MFT Academy – Coloring Hair with Copic MarkersMichele is returning as our Guest Professor and today she’ll be showing you how to color hair with Copic Markers. She’s working with a series of images, so she’ll have lots of tips and tricks to share with you.
- Pure Innocence Freckles
- Doodle Garden Hunny Bunny and Far Out
- X-Press It Blending Card Stock
- Memento Ink: Tuxedo Black
- Copic Markers (Y21, E31, E35, E39, E13, E15, E18)
Before we begin, there are a few things to keep in mind when coloring hair. Hair is not one flat color. For example, brunette hair has a basic brown color, and also contains both highlight and shadow. The amount and location of each will depend on the light source. To simplify this tutorial, we’ll assume all light sources are subtle and coming from the front. Another important “rule” to remember is that your marker strokes should always go in the same direction as the hair. You’ll see more about that in just a bit.
Remember that when “blending” one hair color into another, it is not necessary to smoothly blend the colors. It is also okay to leave white areas uncolored. We’ll color hair three ways in this tutorial, simple hair using Pure Innocence, and then two more detailed examples of hair-coloring using the new Doodle Garden line. Let’s get started! Coloring Simple Hair – Pure Innocence Freckles
In the photo below, you can see the difference made by adding just a few areas of shadow. Begin by adding short strokes of Y21 on both sides of the part in the hair, moving down toward the center of the head. Then start down by the corners by the ears, adding strokes up towards the center of the head. Leave a small bit of white in the center to create a highlight.
As illustrated below, add additional strokes with each of the deeper colors, each time using slightly shorter strokes. Each time, you will begin at the part and move down, then start again near the ear, and move up. Lastly, blend the edges of the darker colors using the lighter Y21 marker. If you look closely you can see that a bit of white was left just behind the barrette to create a brighter highlight.You can see a quick video of these techniques in action HERE, or simply click play below: Here are some other recommended color combinations for simple hair. Doodle Garden Hunny Bunny Let’s move onto a more detailed image. The principles here are the same, however you have more space to work with. In the following photo, I’ve drawn arrows to indicate the direction of the marker strokes. Since this hair is straight, all the strokes will be straight up or straight down.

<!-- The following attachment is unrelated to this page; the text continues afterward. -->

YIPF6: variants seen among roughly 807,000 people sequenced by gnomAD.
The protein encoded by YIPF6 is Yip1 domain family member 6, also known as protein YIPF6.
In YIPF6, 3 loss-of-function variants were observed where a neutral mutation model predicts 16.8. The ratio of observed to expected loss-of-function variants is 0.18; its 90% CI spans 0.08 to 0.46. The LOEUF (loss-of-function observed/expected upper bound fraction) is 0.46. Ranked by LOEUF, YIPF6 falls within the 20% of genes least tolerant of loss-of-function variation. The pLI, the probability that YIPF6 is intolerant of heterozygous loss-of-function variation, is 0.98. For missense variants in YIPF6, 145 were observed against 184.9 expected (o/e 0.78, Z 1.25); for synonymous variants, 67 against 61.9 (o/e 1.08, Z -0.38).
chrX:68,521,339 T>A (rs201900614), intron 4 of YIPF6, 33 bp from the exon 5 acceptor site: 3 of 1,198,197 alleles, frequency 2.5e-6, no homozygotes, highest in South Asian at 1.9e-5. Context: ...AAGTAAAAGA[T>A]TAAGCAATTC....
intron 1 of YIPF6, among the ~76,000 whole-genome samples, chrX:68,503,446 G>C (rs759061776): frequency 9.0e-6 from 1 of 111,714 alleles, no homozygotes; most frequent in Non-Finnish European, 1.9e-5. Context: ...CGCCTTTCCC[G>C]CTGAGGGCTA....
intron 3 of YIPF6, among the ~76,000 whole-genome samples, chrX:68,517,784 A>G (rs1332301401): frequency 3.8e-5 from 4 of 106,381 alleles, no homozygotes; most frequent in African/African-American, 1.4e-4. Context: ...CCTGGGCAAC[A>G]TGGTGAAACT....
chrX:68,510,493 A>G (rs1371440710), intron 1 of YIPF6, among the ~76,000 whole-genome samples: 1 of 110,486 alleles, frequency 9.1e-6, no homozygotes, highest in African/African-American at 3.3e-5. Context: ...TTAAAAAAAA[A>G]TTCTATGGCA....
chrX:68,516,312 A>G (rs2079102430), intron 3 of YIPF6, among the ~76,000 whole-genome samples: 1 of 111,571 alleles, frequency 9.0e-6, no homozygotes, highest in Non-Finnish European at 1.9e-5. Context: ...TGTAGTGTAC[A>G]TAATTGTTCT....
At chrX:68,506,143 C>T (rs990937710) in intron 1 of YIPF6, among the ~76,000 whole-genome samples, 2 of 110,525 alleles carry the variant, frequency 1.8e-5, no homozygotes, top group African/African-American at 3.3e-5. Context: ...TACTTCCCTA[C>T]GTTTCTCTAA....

Step 1: Begin by adding strokes of Y21, lifting the marker lightly off the paper at the end of each stroke as demonstrated above.
Step 2: Using E31, begin to build shadow. The strokes will be shorter than those used in Step 1.
Step 3: Using E35, and even shorter strokes, continue to deepen the shadow.
Step 4: Using very small strokes with the E39 marker, create the deepest shadow just along the edges of the hair and around the hairband.
Step 5: Use E35 to blend the edges of E39 using straight strokes and lifting the marker lightly off the paper at the end of each stroke.
Coloring Hair with More Detail and Curl – Doodle Garden Far Out
With this next image, we’ll take a look at how to color more complex hair. Notice that this image has different directions within each of the strands. Some pieces of hair seem to go behind others, and there are places where the hair curls forward.
For example, look at the longest strand of hair in the ponytail on the right. The pointed tip (A) appears to curl just a bit, creating a shadow. Moving up, the strand of hair widens and curls forward (B), toward our eye, which would create a highlight. The hair then curls back (C), creating a shadow, then forward again (D), creating a highlight. As we move up, the hair strand becomes tighter (E) so the hair will be darker. Light will hit the top bend of the hair (F), and as we move into the area of the hairband (G), the hair is very tight so this area will appear darker.
Of course, light source plays a major role in the location of highlight and shadow which turns into an entire area of study on its own. To simplify things here, I have assumed the light is coming from the upper left.
Step 1: Using E13, lay the base color for the hair, leaving the areas of highlight white.
Step 2: Using E15, begin to add a deeper shadow. The strokes should be shorter than those used in Step 1.
Step 3: Blend the E15 edges using E13. The blending strokes should continue to be in the same direction as the flow of the hair.
Step 4: Use the E18 marker to add the deepest shadow.
Step 5: Use the E15 marker to blend the edges of E18.
We hope you’ve enjoyed this tutorial and that you will be inspired to try your hand at the technique. Use the keyword MFTED3 in your gallery upload on Splitcoaststampers so we can admire your creations!
If you have any questions, please email firstname.lastname@example.org, and we’ll be happy to help you!
You’ll find links to the products used in today’s tutorial just below: